Welcome to the Giants edition of “The Voice.”
You know that reality show where established singers help mentor young, aspiring stars? Well, that is what’s been happening on the field and off at the Giants’ OTAs this week, only instead of carrying a tune, the goal is to call a play. To communicate. To become, for a defense that already has plenty of talented play-makers, the Voice.
It’s an important role, and one that has been left to second-year linebacker B.J. Goodson. With Kelvin Sheppard not re-signed by the team, Goodson has stepped in as the starting middle linebacker. It can be a difficult task to command the huddle and control a number of Pro Bowlers and All-Pros, especially for a player who was on the field for 13 defensive snaps in 2016. So maybe in an effort to help him, the Giants have brought in . . . Adam Levine?
No, they have brought in Antonio Pierce. The original voice of defensive coordinator Steve Spagnuolo’s defense when the Giants won a Super Bowl in 2007.
“He’s always dropping advice and knowledge on me,” Goodson said of Pierce, who is participating in a coaching internship with the Giants through the rest of the offseason. “He drops a lot of knowledge on me.”
Pierce, who became a Pro Bowler with the Giants, hasn’t played since a neck injury ended his career in 2009. More recently he’s been the head coach at Long Beach Polytechnic High School in California, a national powerhouse, since 2014.
What is his advice for Goodson?
“It isn’t one particular thing that I could tell you that he does,” Goodson said, “but he’s always telling me whether it’s formation recognition or any little thing. The details, he’s always on me about the details. But he does a great job of helping me and I really appreciate it.”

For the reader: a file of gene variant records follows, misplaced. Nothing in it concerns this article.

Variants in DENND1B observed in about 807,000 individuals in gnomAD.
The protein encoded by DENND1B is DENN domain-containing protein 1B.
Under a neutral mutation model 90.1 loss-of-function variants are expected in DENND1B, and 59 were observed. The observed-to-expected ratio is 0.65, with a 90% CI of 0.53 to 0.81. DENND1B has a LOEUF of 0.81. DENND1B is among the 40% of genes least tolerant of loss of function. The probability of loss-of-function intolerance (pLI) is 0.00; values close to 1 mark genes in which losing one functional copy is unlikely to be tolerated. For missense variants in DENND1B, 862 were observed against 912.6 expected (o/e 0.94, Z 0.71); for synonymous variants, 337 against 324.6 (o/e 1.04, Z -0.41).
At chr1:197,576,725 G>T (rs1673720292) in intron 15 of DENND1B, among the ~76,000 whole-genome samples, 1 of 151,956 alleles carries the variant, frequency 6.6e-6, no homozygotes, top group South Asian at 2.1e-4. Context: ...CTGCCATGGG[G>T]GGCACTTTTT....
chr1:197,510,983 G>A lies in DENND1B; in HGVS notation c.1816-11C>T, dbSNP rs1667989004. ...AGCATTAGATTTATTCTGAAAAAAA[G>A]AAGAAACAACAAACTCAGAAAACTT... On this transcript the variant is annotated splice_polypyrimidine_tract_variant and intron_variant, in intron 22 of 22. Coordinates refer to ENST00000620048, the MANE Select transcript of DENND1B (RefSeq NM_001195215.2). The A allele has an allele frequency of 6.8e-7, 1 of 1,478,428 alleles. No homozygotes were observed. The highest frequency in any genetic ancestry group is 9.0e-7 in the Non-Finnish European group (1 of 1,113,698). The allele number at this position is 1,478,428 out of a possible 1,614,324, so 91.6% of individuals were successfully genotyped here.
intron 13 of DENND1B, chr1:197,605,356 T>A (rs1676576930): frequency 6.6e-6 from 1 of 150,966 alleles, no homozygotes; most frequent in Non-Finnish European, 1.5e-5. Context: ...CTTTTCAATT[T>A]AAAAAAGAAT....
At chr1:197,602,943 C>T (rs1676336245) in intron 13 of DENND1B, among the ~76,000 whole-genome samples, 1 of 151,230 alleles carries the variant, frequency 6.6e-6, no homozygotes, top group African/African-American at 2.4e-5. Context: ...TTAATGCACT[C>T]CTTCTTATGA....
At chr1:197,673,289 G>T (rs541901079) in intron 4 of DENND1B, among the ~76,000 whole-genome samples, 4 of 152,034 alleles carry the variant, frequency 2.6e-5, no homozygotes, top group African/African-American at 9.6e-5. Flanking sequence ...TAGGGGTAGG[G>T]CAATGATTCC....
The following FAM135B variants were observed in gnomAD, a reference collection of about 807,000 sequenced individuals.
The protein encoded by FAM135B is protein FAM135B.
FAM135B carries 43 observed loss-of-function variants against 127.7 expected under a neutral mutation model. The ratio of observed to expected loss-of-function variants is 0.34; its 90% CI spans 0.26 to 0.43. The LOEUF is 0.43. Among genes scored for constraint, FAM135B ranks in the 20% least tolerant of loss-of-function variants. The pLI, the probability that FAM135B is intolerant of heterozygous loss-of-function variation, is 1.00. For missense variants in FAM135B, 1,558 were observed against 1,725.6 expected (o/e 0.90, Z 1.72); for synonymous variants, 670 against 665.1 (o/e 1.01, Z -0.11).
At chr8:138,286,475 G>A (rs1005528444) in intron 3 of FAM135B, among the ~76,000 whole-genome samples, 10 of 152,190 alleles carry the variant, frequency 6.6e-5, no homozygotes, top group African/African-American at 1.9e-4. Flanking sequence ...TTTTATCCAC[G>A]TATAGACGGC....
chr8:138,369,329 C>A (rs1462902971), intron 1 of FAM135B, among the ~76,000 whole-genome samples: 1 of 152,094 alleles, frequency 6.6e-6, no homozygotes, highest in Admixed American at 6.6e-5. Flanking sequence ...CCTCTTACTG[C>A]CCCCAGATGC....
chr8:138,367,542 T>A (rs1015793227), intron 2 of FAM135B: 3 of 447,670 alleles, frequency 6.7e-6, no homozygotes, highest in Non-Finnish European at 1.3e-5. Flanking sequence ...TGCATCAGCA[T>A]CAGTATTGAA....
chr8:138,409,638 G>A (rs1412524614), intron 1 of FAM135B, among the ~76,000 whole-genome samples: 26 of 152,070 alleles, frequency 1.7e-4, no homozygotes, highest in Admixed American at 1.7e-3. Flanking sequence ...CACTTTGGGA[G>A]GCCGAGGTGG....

Goodson had spoken to Pierce since joining the Giants as a sixth-round pick last year. He hadn’t actually worked with him, though, until Pierce arrived for his new role with the Giants at the beginning of this week.
“I definitely try to pick his brain” Goodson said, “and he’s a big help.”
It seems to be paying off.
“I think B.J. definitely has confidence out there for sure and that’s one of the biggest things you want to see in your middle linebacker,” cornerback Eli Apple said. “He definitely has that confidence and that voice. I think he’s going to be really good for us.”
With Goodson calling the plays in the huddle and second-year safety Darian Thompson potentially making the checks in the secondary, the Giants could essentially be handing their sports car defense over to two players with learner’s permits. Thompson, injured early last season, has only been on the field for 87 NFL snaps.
“Communication is a big part of it,” Ben McAdoo said, referring to Goodson and Thompson. “Those two guys are definitely players who dive into the book and spend a lot of time in their book and it shows on the field with the way they communicate and the way they are working.”
Thompson was penciled in as a starter last year before his injury pink erased that plan. Goodson, though, was an onlooker. He played mostly special teams and got just the handful of reps on the field.
Goodson wasn’t idle, though. He was studying the linebackers on the field ahead of him.
“Those guys definitely teach you how to be a pro,” he said. “You hear that a lot, but it’s one thing actually seeing it first-hand. Just watching those guys, and watching how they moved, it was very important for me to see and to witness first-hand.”
Now he gets to not just witness it, but be a part of it. A very big part of it.
“I feel like the battle is always won in the mind before it’s actually taken into action, so the mental preparation is very important to me,” he said. “I’ve gotten very comfortable with calling the defense. My teammates do a great job of rallying around me and just getting everyone lined up. I’m kind of having fun taking charge of it.”
If he can hit all the right notes, this Giants’ defense should really sing.